Social Indicators Research

, Volume 20, Issue 4, pp 333–354 | Cite as

The utility of happiness

  • Ruut Veenhoven


The issue. Nineteenth century utilitarian philosophers considered happiness as the highest good (‘utility’ in their words) and claimed political priority for attempts to promote the greatest happiness for the greatest number. In reaction, many of their contemporaries cried out that happiness is not good at all, because it turns people into ‘contented cows’ and undermines social bonds. Modern psychologists, however, tend to suggest positive effects: sharper awareness, more activity, better social functioning and better health.

Data. No empirical investigations have yet focussed on consequences of happiness. Nevertheless, indications can be found in various studies covering other matters. This paper gathers the available data. These data do not allow definite conclusions, but do suggest several small yet noteworthy effects. Enjoyment of life seems to broaden perception, to encourage active involvement and thereby to foster political participation. It facilitates social contacts: in particular contacts with spouse and children. Further, happiness buffers stress, thereby preserving health and lengthening life somewhat. There is no evidence of harmful effects. It is concluded that society is more likely to flourish with happy citizens than with unhappy ones.


  1. AdermannD. Elation: 1972, ‘Depression and helping behavior’, Journal of Personality and Social Psychology 24, 91–101.Google Scholar
  2. AlloyL. B. and AbrahamsonL. Y.: 1979, ‘Judgement of contingency in depressed and non-depressed students. Sadder but wiser?’, Journal of Experimental Psychology 168, 441–485.Google Scholar
  3. BellP.: 1978, ‘Affective state, attraction, and affiliation: Misery loves happy company too’, Personality and Social Psychology Bulletin, 4, 616–619.Google Scholar
  4. BelskyJ.: 1984, ‘The determinants of parenting — a process model’, Child Development 55, 83–96.Google Scholar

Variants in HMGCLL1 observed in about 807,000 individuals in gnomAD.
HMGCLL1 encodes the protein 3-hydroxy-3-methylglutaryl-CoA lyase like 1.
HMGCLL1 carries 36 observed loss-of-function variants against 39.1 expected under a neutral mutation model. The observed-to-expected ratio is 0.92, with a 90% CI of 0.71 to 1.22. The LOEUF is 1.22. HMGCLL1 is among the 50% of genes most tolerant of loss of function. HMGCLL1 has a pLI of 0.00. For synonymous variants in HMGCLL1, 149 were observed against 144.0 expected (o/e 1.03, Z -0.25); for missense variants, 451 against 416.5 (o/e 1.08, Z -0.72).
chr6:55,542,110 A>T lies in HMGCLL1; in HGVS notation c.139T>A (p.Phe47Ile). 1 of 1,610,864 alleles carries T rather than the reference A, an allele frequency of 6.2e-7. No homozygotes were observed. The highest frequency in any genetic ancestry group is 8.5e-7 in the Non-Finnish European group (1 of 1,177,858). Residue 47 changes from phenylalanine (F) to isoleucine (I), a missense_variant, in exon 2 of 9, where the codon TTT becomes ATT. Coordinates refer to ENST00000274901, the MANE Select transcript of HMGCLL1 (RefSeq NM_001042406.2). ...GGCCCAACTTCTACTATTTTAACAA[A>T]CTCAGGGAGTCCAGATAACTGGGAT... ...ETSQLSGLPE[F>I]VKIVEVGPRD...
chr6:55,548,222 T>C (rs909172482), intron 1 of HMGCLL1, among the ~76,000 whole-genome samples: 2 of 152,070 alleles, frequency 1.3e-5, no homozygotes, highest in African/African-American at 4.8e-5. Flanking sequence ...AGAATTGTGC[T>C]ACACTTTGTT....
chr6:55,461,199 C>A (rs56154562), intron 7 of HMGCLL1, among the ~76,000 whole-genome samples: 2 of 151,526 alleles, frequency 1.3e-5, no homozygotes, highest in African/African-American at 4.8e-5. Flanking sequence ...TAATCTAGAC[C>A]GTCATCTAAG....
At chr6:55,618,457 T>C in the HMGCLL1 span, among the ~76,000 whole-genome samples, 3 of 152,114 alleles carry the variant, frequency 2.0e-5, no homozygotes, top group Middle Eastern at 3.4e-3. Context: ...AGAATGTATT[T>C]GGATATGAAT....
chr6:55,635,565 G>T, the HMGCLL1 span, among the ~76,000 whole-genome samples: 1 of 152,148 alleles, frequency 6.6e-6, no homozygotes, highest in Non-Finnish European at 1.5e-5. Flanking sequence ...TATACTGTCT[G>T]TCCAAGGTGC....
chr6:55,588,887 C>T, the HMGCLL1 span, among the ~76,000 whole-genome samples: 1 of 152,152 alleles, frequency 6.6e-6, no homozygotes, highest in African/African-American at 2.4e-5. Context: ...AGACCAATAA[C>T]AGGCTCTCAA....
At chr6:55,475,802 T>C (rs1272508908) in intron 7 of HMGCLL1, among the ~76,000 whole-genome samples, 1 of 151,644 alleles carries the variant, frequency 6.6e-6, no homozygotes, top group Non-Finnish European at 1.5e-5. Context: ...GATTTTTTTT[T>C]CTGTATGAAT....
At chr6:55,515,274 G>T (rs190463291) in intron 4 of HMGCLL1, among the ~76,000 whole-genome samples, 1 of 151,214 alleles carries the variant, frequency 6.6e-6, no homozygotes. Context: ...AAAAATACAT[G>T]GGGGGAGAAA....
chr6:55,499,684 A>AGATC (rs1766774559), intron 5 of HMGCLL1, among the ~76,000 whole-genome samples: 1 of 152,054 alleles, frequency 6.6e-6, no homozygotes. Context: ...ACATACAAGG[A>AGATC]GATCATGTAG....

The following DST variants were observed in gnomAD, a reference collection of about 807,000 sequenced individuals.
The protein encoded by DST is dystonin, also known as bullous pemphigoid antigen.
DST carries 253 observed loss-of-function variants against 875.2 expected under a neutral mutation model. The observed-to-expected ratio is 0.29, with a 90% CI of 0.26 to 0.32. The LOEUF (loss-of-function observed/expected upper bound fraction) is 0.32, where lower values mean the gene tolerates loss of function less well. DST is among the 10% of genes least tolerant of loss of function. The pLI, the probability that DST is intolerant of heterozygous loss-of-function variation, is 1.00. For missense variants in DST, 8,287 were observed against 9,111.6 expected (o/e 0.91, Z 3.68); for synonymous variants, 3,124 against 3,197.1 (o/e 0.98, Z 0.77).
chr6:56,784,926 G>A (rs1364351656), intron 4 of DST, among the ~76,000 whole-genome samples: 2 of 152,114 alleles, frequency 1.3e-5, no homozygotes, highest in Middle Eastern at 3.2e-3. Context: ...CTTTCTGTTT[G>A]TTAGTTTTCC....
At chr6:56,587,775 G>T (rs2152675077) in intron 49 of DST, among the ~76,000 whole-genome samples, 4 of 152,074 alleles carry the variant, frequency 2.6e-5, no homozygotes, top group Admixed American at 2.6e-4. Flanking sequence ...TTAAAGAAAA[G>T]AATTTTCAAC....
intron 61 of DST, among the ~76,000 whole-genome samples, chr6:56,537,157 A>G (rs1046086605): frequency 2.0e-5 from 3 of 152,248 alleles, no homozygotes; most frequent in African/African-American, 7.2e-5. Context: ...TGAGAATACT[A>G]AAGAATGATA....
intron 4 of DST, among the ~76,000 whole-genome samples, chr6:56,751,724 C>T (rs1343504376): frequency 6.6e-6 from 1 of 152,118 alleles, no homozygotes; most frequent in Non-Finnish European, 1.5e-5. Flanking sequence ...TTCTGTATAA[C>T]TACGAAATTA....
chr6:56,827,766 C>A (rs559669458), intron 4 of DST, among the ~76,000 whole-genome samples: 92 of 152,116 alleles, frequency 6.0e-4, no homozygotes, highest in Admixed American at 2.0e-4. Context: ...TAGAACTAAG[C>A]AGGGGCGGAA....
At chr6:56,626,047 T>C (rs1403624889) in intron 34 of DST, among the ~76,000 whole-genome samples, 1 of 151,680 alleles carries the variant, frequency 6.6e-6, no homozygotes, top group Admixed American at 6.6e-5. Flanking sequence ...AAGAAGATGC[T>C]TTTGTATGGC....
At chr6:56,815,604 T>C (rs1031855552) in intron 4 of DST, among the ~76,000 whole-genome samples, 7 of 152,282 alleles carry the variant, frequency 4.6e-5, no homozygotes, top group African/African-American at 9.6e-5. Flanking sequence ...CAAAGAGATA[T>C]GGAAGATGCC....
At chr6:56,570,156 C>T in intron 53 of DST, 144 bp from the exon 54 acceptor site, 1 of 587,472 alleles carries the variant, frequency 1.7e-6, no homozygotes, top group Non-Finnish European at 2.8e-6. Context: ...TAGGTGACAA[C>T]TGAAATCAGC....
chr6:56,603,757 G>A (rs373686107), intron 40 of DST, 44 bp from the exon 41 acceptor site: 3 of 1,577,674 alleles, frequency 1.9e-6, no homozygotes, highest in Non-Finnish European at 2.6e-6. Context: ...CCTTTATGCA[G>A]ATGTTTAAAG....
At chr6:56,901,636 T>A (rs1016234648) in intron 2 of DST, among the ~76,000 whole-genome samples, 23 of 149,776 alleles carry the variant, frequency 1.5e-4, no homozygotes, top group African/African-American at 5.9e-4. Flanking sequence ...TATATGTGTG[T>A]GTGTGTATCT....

5. Bond, J. B.: 1983, A non-medical approach to the prediction of distance from death’, Paper presented at the 7th ann. meeting of the Canadian Ass. of Gerontology Moncton.Google Scholar
  6. BorgattaE. F.: 1961, ‘Mood, personality and interaction’, Journal of General Psychology, 64, 105–137.Google Scholar
  7. BotwinnickJ., WestR., and StorandtM.: 1978, Predicting death from behavioral test performance, Journal of Gerontology 33, 755–762.Google Scholar
  8. BowerG. H.: 1981, ‘Mood and memory’, American Psychologist 36, 129–148.Google Scholar
  9. BrennerB.: 1979, ‘Depressed affect as a cause of associated somatic problems’, Psychological Medicine 9, 737–746.Google Scholar
  10. BryantB. K.: 1983, ‘Context of success: Affective aroused generosity’, American Educational Research Journal 20, 553–562.Google Scholar
  11. BuchwaldA. M.: 1977, ‘Depressive mood and estimates of reinforcement frequency’, Journal of Abnormal Psychology 86, 443–446.Google Scholar
  12. Clark, J. C. V.: 1977, ‘Outcome and adjustment in untreated mild depression’, Unpubl. Ph.D. dissertation, University of Oregon.Google Scholar
  13. Cohn, J. and Tronick, E.: 1983, ‘Three-month-old infants’ reaction to simulated maternal depression’, Child Development 54, no. 1.Google Scholar
  14. Coyne, J.: 1982, ‘Shunning the depressed’, Psychology Today, March, 80–81.Google Scholar
  15. CrnicV. A., GreenbergM. T., RagezinZ. S., RobinsonN. M., and BoshamR. B.: 1983, ‘Effects of stress and social support on mothers and premature and full term infants’, Child Development 54, 209–217.Google Scholar
  16. DeegD.: 1987, ‘En ze leefden nog lang en gelukkig: Satisfactie als predictor voor overlevingsduur bij bejaarden’, Gezondheid en Samenleving 7, 98–107.Google Scholar
  17. Dosch, M. F.: 1979, ‘Child abuse: A comparison of physical abuses, sexual abuses and non-abuses on perceived locus of control, self acceptance and avowed happiness’, Unpubl. Ph.D. diss. University of Oregon, U.S.A.Google Scholar